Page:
We are all familiar with and have heard of the word “discipline”. But do we truly know what it means? Many of us had a teacher, coach or a manager that was labeled a “disciplinarian” and we took their actions to heart as the word’s true meaning. Many of us were raised to believe that this word has a negative connotation and that it meant some type of punitive consequence. When, in fact, the exact opposite is true!

discipline

I was inspired to write this article when I encountered a section on disciple while reading an incredible book called “What Do You Really Want For Your Children” written by bestselling author Dr. Wayne W. Dyer. Since becoming an adult, I have always known that discipline was a positive mindset that fostered character assets through action. When I read this section from chapter 6 on discipline, it seemed to clear away any doubt I had on that belief and re-affirm the feelings I had in my heart.

Let’s start by looking at the definition of discipline as defined by Merriam-Webster:

noun | dis·ci·pline |\ˈdi-sə-plən\

1: control that is gained by requiring that rules or orders be obeyed and punishing bad behavior

2: a way of behaving that shows a willingness to obey rules or orders

3: behavior that is judged by how well it follows a set of rules or orders

As we can see, nearly every word used to describe the definition of discipline comes from a mindset. In other words: Your Attitude! As Dr. Dyer brilliantly outlines a way to obtain “No-Limit Living” in this book, I wanted to share some of my ideas on how we can apply this to the workplace.

As adults, when most of us think about discipline, we cringe right? It means something bad, right? WRONG! Think about it for a second, where would our country be without the discipline of the Armed Forces to carry out their orders? How would you travel on the roadways safely without the discipline to adhere to the stop signs/lights? How would your employer compensate you for the work you performed without the discipline to create and balance a budget?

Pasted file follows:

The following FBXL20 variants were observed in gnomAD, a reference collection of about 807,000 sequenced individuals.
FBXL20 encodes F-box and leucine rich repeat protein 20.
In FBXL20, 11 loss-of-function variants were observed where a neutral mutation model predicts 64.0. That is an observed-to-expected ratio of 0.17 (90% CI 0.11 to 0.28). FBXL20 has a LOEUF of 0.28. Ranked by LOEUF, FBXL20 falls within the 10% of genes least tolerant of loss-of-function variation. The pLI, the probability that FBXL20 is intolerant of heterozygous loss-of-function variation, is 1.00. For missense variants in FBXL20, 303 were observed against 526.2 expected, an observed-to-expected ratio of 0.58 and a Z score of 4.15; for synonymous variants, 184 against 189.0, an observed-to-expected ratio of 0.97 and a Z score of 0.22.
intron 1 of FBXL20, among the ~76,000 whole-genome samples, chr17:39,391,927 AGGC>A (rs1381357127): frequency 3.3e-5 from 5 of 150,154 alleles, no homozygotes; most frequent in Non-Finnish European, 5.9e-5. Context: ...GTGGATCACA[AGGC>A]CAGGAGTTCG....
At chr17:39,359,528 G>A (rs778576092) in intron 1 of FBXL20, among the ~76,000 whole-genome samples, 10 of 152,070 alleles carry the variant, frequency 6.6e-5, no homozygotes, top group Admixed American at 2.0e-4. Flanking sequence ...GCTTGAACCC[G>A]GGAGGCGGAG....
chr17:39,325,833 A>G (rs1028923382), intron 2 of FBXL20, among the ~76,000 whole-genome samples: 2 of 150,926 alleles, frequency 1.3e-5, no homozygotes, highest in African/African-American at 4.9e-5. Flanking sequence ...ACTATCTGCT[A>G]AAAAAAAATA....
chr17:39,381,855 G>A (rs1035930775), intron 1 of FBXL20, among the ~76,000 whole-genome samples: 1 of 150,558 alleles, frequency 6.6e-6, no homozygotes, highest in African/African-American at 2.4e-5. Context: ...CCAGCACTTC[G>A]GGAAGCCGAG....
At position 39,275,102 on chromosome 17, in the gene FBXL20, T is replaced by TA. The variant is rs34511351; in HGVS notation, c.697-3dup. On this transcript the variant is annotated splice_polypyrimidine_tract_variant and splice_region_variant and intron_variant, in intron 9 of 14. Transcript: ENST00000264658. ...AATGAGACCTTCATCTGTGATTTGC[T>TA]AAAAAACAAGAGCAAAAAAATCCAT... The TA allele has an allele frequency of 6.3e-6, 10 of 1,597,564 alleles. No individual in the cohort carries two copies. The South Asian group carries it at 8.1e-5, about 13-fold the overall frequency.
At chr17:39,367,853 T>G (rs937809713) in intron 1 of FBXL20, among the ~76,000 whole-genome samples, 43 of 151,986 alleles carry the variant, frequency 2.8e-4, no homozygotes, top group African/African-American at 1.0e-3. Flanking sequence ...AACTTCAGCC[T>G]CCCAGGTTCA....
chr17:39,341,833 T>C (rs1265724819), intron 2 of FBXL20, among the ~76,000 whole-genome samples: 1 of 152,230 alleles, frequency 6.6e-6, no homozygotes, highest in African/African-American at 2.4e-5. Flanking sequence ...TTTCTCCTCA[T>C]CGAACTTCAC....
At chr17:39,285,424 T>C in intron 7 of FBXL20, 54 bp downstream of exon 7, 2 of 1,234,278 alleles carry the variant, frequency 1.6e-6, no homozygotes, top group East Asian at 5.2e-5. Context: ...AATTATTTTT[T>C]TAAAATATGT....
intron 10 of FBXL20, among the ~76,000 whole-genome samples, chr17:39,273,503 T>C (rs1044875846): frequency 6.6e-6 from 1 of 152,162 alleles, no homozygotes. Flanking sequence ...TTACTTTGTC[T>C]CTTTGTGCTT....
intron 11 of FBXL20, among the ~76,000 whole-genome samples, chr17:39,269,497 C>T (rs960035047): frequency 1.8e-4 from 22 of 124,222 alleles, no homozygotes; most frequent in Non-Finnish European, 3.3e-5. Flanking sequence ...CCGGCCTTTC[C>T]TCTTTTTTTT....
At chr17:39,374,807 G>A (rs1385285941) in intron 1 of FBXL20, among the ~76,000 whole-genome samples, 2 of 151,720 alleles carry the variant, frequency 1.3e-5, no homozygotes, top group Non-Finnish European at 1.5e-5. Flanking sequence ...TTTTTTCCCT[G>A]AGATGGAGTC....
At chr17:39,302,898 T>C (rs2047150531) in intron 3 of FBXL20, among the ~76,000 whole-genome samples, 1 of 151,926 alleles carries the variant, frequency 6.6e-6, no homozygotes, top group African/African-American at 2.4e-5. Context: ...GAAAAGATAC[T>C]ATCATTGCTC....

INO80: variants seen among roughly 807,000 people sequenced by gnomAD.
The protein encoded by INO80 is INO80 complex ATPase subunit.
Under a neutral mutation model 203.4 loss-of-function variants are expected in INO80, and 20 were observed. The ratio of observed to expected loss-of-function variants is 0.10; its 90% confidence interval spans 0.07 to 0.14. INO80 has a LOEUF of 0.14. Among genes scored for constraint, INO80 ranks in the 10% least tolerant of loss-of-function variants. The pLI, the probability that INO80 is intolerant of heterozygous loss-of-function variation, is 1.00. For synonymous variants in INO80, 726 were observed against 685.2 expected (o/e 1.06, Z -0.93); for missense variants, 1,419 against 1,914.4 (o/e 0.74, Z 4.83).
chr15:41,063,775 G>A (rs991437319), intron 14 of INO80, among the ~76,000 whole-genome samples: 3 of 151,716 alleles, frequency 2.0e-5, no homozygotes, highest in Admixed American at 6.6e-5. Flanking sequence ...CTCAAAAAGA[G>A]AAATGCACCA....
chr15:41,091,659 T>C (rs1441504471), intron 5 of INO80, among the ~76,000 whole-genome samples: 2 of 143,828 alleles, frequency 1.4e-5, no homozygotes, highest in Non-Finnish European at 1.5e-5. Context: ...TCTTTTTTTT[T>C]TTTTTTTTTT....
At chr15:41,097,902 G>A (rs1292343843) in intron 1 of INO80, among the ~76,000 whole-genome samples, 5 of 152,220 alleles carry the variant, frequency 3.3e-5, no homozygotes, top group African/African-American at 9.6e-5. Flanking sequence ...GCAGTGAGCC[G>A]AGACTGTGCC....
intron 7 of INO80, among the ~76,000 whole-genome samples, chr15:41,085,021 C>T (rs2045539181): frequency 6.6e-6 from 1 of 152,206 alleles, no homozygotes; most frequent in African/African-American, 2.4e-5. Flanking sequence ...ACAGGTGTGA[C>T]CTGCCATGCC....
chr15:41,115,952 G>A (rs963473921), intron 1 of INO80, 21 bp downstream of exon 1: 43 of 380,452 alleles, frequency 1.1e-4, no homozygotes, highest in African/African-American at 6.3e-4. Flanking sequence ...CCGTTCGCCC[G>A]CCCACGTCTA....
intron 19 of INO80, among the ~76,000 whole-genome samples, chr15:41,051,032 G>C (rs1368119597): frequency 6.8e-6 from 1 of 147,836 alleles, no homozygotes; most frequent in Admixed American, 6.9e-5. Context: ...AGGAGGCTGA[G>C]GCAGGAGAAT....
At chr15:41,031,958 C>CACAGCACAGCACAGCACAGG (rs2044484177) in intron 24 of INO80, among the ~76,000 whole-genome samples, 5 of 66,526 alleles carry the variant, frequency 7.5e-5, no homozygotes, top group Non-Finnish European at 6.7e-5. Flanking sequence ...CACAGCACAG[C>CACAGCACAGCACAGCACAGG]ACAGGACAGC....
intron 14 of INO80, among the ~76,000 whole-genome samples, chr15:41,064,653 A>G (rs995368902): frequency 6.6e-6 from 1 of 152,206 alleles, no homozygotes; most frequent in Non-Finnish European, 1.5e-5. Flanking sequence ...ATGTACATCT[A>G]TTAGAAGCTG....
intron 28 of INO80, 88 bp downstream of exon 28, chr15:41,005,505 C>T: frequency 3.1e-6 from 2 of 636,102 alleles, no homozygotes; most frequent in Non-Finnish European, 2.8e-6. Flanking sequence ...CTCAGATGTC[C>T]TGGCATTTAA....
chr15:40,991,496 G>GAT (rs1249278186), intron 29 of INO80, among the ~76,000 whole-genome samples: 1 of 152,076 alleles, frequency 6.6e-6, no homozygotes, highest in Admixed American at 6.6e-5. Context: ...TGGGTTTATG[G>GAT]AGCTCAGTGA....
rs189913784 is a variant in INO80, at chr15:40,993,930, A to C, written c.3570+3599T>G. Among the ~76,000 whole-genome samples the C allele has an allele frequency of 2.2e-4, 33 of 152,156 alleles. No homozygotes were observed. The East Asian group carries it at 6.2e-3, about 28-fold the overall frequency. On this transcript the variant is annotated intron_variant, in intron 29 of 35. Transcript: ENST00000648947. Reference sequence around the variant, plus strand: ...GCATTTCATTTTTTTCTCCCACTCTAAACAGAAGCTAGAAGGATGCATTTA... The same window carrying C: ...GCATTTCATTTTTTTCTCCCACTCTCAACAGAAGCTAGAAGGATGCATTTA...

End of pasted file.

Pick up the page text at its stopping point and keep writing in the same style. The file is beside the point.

No sir, I am here to let you in on a little secret: Discipline is totally a positive thing. Those who have led you to believe anything else have been practicing discipline as only an action verb instead of an attitude that precedes the action verb. Did you ever look the word discipline up to see what it truly means? Why not? How many other critical, life-changing words are you walking around thinking you understand without ever looking up their meaning?

What does discipline mean to you?

The beauty of this word is that it can mean anything to anyone at any time. What I believe discipline truly means is that we have our own personal set of ethical standards (attitude), both in the physical and moral sense and we live up to them (action)…no matter what. We remain true to ourselves. Discipline means we truly know who we are inside and we empower ourselves. Discipline means integrity to self.

I suggest you take a few minutes right now and try to see what discipline means to you. It could change your life for the better and that ripple effect will touch everyone you know.

Applying discipline in the workplace

Our employers expect us to show up on time and do the work we agreed to do when hired. We are to take breaks and lunch when scheduled, and arrange for time off when necessary. Each one of these things (any many more) take discipline. Probably the hardest discipline of all for some of us is getting out of bed when that awful noise, commonly known as the alarm clock, starts going off. Or maybe it is keeping our phone in our pocket when it starts making noise. Secret: There is a silence mode!

A few tips on discipline at work: